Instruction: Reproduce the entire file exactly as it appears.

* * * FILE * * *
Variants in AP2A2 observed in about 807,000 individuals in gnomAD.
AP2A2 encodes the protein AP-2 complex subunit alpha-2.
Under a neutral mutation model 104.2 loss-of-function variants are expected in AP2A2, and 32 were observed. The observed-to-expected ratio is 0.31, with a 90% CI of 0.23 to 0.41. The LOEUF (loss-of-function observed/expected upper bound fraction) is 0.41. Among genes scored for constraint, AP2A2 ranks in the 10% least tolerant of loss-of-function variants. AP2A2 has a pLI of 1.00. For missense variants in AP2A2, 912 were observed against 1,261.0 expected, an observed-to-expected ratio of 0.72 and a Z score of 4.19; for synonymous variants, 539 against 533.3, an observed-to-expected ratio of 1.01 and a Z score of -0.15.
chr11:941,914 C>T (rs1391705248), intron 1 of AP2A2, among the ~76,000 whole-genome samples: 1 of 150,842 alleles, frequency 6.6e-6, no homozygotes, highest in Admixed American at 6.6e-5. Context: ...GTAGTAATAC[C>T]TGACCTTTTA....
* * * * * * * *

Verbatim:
Variants in AP2A2 observed in about 807,000 individuals in gnomAD.
AP2A2 encodes the protein AP-2 complex subunit alpha-2.
Under a neutral mutation model 104.2 loss-of-function variants are expected in AP2A2, and 32 were observed. The observed-to-expected ratio is 0.31, with a 90% CI of 0.23 to 0.41. The LOEUF (loss-of-function observed/expected upper bound fraction) is 0.41. Among genes scored for constraint, AP2A2 ranks in the 10% least tolerant of loss-of-function variants. AP2A2 has a pLI of 1.00. For missense variants in AP2A2, 912 were observed against 1,261.0 expected, an observed-to-expected ratio of 0.72 and a Z score of 4.19; for synonymous variants, 539 against 533.3, an observed-to-expected ratio of 1.01 and a Z score of -0.15.
chr11:941,914 C>T (rs1391705248), intron 1 of AP2A2, among the ~76,000 whole-genome samples: 1 of 150,842 alleles, frequency 6.6e-6, no homozygotes, highest in Admixed American at 6.6e-5. Context: ...GTAGTAATAC[C>T]TGACCTTTTA....